1969: The Spirit of the Hague

* This article, along with the in-text images, was originally published by Project for Democratic Union, all the content belongs entirelly to the original author(s).

1969 proved a watershed moment in the history of the European project, both in terms of EC reform and preparing the ground for the first enlargement. By Amelie Buchwald

Tramlijn_6,_Fluwelen_Burgwal,_The_Hague,_1961

In 1969 the European project was faced with dynamism, as well as slowdown and crisis. On the one hand, the customs union was completed ahead of schedule and the Common Agricultural Policy (CAP) showed initial success. On the other hand, Gaullist policies had prevented British membership of the European Community (EC) and slowed down institutional progress, for example through the ‘empty chair crisis’. When Georges Pompidou became French President in 1969, he changed France’s preceding Gaullist course in the process of European integration. The post-de Gaulle era was characterised by the optimism to rejuvenate the European project. This spirit was manifested during the Hague summit from 1st to 2nd December 1969, identifies it as a “summit of Euro-optimism”.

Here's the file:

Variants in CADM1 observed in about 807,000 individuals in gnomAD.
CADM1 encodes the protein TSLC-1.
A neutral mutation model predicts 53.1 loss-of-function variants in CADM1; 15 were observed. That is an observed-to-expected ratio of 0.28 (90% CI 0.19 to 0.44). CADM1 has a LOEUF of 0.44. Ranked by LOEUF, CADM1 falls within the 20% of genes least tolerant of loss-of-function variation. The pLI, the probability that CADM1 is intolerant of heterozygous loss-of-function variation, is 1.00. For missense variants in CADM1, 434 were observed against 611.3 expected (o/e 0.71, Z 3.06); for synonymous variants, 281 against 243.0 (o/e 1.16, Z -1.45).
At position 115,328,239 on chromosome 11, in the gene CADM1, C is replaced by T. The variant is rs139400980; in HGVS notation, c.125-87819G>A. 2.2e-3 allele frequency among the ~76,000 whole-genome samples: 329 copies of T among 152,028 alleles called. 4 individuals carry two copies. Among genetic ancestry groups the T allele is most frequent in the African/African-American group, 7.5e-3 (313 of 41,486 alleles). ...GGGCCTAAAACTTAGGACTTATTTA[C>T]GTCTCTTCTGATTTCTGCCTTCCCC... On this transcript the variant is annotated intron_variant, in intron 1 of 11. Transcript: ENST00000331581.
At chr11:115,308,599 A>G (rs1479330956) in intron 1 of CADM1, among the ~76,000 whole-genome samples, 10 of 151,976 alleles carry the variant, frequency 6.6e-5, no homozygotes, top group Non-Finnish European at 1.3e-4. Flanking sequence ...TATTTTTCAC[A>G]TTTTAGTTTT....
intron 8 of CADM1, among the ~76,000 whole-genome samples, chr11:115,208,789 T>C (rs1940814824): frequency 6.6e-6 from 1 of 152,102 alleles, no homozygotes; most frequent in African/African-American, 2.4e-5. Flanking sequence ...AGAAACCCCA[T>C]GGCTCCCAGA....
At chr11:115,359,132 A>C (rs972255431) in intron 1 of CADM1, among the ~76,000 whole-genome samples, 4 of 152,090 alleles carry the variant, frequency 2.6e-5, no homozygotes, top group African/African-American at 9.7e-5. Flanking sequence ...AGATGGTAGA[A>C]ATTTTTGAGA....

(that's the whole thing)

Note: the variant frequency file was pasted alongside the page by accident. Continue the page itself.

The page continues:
The summit was proposed by Georges Pompidou, and the six member states of the EC (France, Germany, Italy, the Netherlands, Belgium and Luxembourg) participated to discuss further steps in the European integration project. Moreover, Pompidou coined the motto of the Hague summit: “completion, deepening, enlargement”, representing his political goals. It is important to note the significance of the order. In Pompidou’s opinion the European integration process had to be completed first, then deepening could be pursued and, as a next step, enlargement could be discussed with the candidate states, who would have to accept the acquis communautaire (the body of EC rules and regulations).

Completion and Deepening